Hydrogen blues: Is this the gas industry version of “clean coal”?

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The gas industry needs a new social licence strategy. It’s come up with “blue hydrogen”.

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You remember “clean coal?” It bought the coal industry an extra decade of social licence. It was the technology promised as just around the corner. Eventually it would allow us to burn coal with no climate impact.

Clean coal attracted billions of dollars of taxpayer-funded government support, but today there’s nothing to show.

After cost blow-outs, technical failures and legal roadblocks, globally no projects are planned that will capture all the greenhouse gases from burnt coal and guarantee to lock them away underground (and here is the “F’ word), forever.

But clean coal did its job. This clever strategy, with its techno-hopes and shiny websites kept coal in business for an extra ten years.

Indeed, it’s only the plunging cost of electricity generated by the sun and wind that now point us to the end of coal.

And thanks for that, because as the kids in our streets and various United Nations committees remind us, we have very little time left to fix our climate mess.

Fossil gas, cleaner than.. what?

As coal wanes, people are now thinking about the impacts of fossil gas.

For the last decade, the gas industry built its social licence on the theory that gas was “cleaner than coal”. But with coal now facing its end, that makes gas cleaner than what exactly?

The gas industry needs a new social strategy. It’s come up with one in “blue hydrogen”.

If you’ve been keeping track of the full spectrum of hydrogens, “green hydrogen”, made with renewable electricity (via the hydrolysis of water), can play a large role in our future zero-emission societies, in Australia and around the world.

Green hydrogen can be used in the manufacture of steel and other metals and chemicals, and in other industrial processes. Green hydrogen may even have some transport applications.

Manufacturing hydrogen from water and electricity isn’t hard – many of us did it in chemistry class. Splitting water with renewable electricity was the way hydrogen was made in the first half of the 20th century, before fossil fuels took over.

Going back to the future, green hydrogen can do lots of things presently done by fossil gas.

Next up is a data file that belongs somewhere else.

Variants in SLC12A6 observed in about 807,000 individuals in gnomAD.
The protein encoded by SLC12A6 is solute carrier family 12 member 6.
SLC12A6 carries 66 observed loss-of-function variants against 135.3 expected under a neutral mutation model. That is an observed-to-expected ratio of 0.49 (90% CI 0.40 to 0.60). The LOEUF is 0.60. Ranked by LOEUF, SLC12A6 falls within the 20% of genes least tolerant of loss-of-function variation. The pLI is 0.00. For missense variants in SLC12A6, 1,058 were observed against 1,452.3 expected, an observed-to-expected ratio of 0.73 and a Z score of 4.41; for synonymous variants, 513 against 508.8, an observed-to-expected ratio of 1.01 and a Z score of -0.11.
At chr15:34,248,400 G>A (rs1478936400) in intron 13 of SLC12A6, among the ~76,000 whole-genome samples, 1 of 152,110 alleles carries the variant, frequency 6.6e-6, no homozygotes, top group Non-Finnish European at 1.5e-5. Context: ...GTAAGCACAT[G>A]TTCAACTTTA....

This loss of market share is another problem for the fossil-gas industry. Especially now as green hydrogen begins to attract the attention of policy makers and technology funders.

So, is there a way to deal with, in one stroke, the fossil-gas industry’s two problems:

1.The lack of an ongoing social licence

2.The rising popularity of renewable (green) hydrogen?

The solution lies in the marketing of blue hydrogen.

Hydrogen makeovers – blue is the new black

Blue hydrogen is where the gas industry takes fossil gas and coverts it to hydrogen in the same greenhouse-gas-producing way it has been doing for the last 70 years (using a steam reformer; call that “black hydrogen”). But then with a marketing makeover, this familiar hydrogen product gets a new name: blue hydrogen.

But here’s the really special part about blue hydrogen: it comes with a recognisable fossil-industry claim. Blue hydrogen might someday be emission-free, thanks to the same fabled technologies promised back in the “clean coal” days: capturing emissions and storing them away underground… forever.

If you can’t lock away Blue Hydrogen’s greenhouse gas emissions, plant a tree. Image from Woodside

So as once we waited for clean coal, we now wait for blue hydrogen. But in the meantime, fossil-gas emissions grow with no end in sight.

As the saying goes, “fool me once, shame on you, fool me twice, shame on me.”

Hydrogen might be the simplest element known to chemistry, but we are in for some confusing times as the fossil-gas industry makes its next “blue” moves.

Tim Forcey is an independent energy advisor and curator at the Facebook group “Australian Gas Market Insights“.

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